Insights into Indian Culture
Indian culture has often been described as a “strong” culture. As compared to other internationals, Indians will have more customs and preferences that differ from those of an American. And those differing customs and preferences may be valued more deeply.
Thus, for you to be effective in ministry, do your best to understand Indian culture and try to relate accordingly. You’ll make your share of blunders, but if you do your best and if you project a heart of love, your Indian friends will appreciate you.
- Strict Hindu vegetarians usually don’t eat any form of meat. This includes fish, chicken, turkey, and eggs (even if one of these is an ingredient in baked or snack foods).
- Many Indians will eat chicken or eggs, but almost all, except those who call themselves Christian, avoid beef and pork.
- Many students become more strict after arriving in the U.S.
- Dietary restrictions are not a sensitive topic, so it’s always best to ask before preparing food.
- Relationships are very important to an Indian and friendship is seen as “reciprocal.”
- It is important to receive from friends, not merely give.
- A sure sign of “friendship” is when you can “drop in” unannounced at one another’s homes or business.
- Indian culture is non-confrontational. Indians will be very reluctant to say “no” to an invitation or reasonable request.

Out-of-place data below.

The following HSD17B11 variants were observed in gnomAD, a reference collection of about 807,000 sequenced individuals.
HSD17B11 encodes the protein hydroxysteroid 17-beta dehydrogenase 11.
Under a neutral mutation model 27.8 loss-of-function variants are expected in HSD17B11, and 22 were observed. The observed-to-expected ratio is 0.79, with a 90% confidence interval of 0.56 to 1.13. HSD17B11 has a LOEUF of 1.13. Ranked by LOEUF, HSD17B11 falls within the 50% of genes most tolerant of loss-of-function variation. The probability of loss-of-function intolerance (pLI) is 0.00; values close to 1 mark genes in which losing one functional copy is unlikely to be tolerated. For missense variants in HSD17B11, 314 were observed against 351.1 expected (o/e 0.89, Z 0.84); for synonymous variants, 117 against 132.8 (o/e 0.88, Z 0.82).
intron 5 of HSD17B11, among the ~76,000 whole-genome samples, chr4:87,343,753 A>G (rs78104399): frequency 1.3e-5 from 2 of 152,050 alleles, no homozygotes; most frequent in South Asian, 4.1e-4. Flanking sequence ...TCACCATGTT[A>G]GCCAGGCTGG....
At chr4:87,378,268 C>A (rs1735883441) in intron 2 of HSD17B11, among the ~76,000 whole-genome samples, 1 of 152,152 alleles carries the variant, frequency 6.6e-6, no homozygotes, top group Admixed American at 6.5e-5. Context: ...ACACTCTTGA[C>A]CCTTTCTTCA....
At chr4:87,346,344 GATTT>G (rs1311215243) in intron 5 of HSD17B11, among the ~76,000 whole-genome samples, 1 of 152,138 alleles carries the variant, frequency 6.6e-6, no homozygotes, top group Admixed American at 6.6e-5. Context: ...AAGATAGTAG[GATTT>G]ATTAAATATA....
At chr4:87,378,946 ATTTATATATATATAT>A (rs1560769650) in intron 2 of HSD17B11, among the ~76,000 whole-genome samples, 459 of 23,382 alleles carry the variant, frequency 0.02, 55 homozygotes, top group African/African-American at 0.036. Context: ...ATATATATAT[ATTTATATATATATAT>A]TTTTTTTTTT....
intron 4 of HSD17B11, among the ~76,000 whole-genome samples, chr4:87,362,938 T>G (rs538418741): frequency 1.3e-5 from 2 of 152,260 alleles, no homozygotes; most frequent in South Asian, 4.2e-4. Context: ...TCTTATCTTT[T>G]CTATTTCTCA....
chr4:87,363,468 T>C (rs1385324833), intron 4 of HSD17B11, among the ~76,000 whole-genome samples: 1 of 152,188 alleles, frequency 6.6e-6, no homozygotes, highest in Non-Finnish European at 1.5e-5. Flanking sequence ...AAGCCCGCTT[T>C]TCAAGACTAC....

- This quality can sometimes be confusing or upsetting to Westerners who usually value direct communication. Question: “Are you coming to the party?” Answer: “I should be able to…” Result: The person may or may not actually attend. Westerner can feel frustrated.
- In working with Indians in a ministry setting, it’s best to try to avoid forcing them into a direct answer: “I am having a party. I know you are busy these days, but I would love it if you could come.”
- Also, try to avoid saying “no” too strongly to an invitation or offer from an Indian: “I’d love to try your exotic food, but I’ve already had too much of that other wonderful dish.”
- Hindus value being open to others and willing to listen and learn.
- An argumentative tone makes a Westerner seem arrogant to an Indian.
- In talking with a Hindu, debating apologetics is rarely helpful.
- It’s difficult to discuss the differences between Christianity and Hinduism because of the great diversity of Hindu thought.
- Many Hindus have high spiritual ideals, although few students you will meet are trying hard to practice these ideals.
- The typical Indian’s commitment to his home culture-which is typically intertwined with Hinduism, yet the average Indian Hindu is very open to discussion of spiritual topics.